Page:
Appropriately, Ralph’s defeat comes in the form of the hunt, which has been closely associated with the savage instinct throughout Lord of the Flies . Ironically, although hunting is necessary to the survival of the group—there is little other food on the island aside from fruit, which has made many of the boys sick—it is also what drives them into deadly barbarism. From the beginning of the novel, the hunters have been the ones who have pioneered the way into the realm of savagery and violence. Furthermore, the conflict between Ralph and Jack has often manifested itself as the conflict between the interests of the hunters and the interests of the rest of the group. In Chapter 3, for instance, the boys argue over whether Jack’s followers should be allowed to hunt or forced to build huts with Ralph and Simon . Now that Jack and the forces of savagery have risen to unchallenged prominence on the island, the hunt has thoroughly won out over the more peaceful civilizing instinct. Rather than successfully mitigate the power of the hunt with the rules and structures of civilization, Ralph becomes a victim of the savage forces the hunt represents—he has literally become the prey.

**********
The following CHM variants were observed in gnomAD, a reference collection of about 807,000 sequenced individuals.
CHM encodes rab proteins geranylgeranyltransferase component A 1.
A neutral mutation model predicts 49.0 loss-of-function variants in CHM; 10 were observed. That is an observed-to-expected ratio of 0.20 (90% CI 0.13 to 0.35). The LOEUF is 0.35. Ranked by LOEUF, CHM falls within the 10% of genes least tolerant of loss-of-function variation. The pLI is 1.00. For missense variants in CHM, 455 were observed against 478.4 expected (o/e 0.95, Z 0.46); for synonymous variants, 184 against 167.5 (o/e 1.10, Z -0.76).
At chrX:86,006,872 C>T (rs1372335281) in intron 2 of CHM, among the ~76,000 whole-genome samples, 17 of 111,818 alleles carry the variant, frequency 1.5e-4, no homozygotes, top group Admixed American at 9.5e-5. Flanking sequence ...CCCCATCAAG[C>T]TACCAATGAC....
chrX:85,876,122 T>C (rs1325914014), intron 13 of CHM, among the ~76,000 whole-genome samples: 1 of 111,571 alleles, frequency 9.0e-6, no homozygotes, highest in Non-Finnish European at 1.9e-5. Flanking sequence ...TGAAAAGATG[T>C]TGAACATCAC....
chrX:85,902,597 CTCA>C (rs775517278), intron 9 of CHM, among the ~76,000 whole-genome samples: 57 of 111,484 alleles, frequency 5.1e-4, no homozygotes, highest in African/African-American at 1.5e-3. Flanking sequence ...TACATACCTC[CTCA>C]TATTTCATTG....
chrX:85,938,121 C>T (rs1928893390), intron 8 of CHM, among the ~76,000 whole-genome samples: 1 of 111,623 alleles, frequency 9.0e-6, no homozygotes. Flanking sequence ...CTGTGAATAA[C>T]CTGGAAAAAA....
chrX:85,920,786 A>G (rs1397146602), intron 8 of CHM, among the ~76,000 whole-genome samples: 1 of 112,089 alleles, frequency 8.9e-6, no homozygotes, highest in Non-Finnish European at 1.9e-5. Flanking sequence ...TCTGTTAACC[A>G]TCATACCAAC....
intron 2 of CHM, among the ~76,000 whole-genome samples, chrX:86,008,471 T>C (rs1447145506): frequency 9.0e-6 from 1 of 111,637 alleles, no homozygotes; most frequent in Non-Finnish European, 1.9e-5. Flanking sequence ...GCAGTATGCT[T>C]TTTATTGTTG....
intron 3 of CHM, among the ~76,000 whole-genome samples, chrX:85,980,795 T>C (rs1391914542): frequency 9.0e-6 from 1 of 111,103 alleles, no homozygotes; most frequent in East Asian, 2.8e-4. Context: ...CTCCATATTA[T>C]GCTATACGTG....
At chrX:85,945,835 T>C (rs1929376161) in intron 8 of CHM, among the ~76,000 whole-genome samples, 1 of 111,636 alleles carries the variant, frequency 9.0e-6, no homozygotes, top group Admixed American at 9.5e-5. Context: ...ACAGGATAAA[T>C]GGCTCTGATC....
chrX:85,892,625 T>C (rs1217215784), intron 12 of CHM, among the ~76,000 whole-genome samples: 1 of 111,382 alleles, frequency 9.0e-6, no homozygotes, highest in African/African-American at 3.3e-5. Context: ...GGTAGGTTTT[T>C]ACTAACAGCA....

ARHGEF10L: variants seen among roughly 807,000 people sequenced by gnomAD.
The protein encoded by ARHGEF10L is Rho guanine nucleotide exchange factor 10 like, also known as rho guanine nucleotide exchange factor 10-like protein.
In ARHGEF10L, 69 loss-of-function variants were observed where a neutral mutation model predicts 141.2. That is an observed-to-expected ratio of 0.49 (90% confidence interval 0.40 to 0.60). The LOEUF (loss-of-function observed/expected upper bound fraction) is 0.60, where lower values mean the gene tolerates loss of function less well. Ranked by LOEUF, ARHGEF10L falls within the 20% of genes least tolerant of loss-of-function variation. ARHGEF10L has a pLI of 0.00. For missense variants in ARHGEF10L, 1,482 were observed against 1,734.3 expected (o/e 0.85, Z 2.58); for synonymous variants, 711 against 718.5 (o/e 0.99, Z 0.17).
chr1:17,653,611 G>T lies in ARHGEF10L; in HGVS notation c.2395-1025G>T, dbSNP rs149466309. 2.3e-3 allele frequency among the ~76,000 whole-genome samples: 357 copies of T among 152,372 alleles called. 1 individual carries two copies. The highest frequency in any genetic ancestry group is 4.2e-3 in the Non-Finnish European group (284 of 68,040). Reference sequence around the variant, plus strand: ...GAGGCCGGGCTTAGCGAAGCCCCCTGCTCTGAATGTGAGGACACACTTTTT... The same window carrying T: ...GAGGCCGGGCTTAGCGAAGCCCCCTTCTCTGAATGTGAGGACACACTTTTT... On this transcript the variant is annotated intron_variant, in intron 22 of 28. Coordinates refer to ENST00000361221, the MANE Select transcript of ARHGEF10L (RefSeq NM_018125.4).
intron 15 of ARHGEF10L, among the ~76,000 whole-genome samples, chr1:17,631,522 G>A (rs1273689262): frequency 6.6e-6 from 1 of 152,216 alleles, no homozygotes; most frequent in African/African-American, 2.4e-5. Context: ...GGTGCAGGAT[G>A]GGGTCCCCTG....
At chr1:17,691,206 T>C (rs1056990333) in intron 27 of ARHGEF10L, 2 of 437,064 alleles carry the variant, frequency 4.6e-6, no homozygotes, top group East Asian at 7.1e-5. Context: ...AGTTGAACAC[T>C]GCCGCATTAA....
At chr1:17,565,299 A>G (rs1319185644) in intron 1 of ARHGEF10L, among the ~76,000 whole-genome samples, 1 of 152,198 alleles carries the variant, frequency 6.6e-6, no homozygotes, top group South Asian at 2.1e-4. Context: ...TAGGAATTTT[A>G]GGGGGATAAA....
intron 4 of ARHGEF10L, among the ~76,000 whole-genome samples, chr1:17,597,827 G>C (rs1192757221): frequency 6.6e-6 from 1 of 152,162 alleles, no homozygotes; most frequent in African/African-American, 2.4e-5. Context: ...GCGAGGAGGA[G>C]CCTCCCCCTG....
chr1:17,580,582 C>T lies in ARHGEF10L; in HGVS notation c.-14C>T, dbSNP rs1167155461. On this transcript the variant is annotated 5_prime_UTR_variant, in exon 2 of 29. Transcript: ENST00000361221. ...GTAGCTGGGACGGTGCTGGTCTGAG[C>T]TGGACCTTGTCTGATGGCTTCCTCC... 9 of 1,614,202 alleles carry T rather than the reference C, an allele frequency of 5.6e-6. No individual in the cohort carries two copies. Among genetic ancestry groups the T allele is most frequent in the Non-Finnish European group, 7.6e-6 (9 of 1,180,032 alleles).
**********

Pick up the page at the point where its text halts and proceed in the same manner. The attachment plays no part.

The Hardy Boys Canon . If you’re looking for the originals, be sure to buy those published before 1959, the year in which the publisher began editing the early installments to excise potentially offensive racial stereotypes, but also to make the already accessible books even easier reads — length was lopped off, descriptive language streamlined, and old slang and vocabulary words judged too meaty were removed. Overall, the project dumbed the books down and the result was almost universally panned; McFarlane felt the books had been “gutted,” while one modern critic opined: “The quality of the revised stories is generally so far below that of the originals that it can only be considered as an act of literary vandalism.” Look for originals on eBay.